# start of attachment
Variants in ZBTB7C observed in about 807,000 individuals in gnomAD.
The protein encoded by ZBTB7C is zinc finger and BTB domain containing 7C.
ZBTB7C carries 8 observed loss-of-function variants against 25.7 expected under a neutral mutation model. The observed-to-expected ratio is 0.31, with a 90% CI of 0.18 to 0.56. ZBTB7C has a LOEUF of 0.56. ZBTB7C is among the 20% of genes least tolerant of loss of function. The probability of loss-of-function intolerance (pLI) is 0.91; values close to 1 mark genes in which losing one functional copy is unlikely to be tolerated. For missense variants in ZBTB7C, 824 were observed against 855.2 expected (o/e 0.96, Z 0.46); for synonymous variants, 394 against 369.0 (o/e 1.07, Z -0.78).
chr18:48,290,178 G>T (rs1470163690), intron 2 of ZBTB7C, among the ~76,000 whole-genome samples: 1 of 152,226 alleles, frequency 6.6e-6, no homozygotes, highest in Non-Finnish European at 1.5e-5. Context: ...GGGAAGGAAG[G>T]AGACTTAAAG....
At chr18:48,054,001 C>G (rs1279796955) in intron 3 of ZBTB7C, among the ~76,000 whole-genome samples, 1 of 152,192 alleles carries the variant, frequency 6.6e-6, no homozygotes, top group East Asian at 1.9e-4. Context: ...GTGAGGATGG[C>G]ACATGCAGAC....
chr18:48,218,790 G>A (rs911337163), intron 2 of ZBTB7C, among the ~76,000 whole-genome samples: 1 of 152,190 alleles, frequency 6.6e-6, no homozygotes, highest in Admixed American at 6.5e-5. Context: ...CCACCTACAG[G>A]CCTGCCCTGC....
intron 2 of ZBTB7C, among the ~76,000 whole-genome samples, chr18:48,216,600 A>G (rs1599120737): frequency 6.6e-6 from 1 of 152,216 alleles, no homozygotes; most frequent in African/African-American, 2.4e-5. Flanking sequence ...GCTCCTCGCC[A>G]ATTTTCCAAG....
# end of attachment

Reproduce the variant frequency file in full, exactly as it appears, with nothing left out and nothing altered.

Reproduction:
Variants in ZBTB7C observed in about 807,000 individuals in gnomAD.
The protein encoded by ZBTB7C is zinc finger and BTB domain containing 7C.
ZBTB7C carries 8 observed loss-of-function variants against 25.7 expected under a neutral mutation model. The observed-to-expected ratio is 0.31, with a 90% CI of 0.18 to 0.56. ZBTB7C has a LOEUF of 0.56. ZBTB7C is among the 20% of genes least tolerant of loss of function. The probability of loss-of-function intolerance (pLI) is 0.91; values close to 1 mark genes in which losing one functional copy is unlikely to be tolerated. For missense variants in ZBTB7C, 824 were observed against 855.2 expected (o/e 0.96, Z 0.46); for synonymous variants, 394 against 369.0 (o/e 1.07, Z -0.78).
chr18:48,290,178 G>T (rs1470163690), intron 2 of ZBTB7C, among the ~76,000 whole-genome samples: 1 of 152,226 alleles, frequency 6.6e-6, no homozygotes, highest in Non-Finnish European at 1.5e-5. Context: ...GGGAAGGAAG[G>T]AGACTTAAAG....
At chr18:48,054,001 C>G (rs1279796955) in intron 3 of ZBTB7C, among the ~76,000 whole-genome samples, 1 of 152,192 alleles carries the variant, frequency 6.6e-6, no homozygotes, top group East Asian at 1.9e-4. Context: ...GTGAGGATGG[C>G]ACATGCAGAC....
chr18:48,218,790 G>A (rs911337163), intron 2 of ZBTB7C, among the ~76,000 whole-genome samples: 1 of 152,190 alleles, frequency 6.6e-6, no homozygotes, highest in Admixed American at 6.5e-5. Context: ...CCACCTACAG[G>A]CCTGCCCTGC....
intron 2 of ZBTB7C, among the ~76,000 whole-genome samples, chr18:48,216,600 A>G (rs1599120737): frequency 6.6e-6 from 1 of 152,216 alleles, no homozygotes; most frequent in African/African-American, 2.4e-5. Flanking sequence ...GCTCCTCGCC[A>G]ATTTTCCAAG....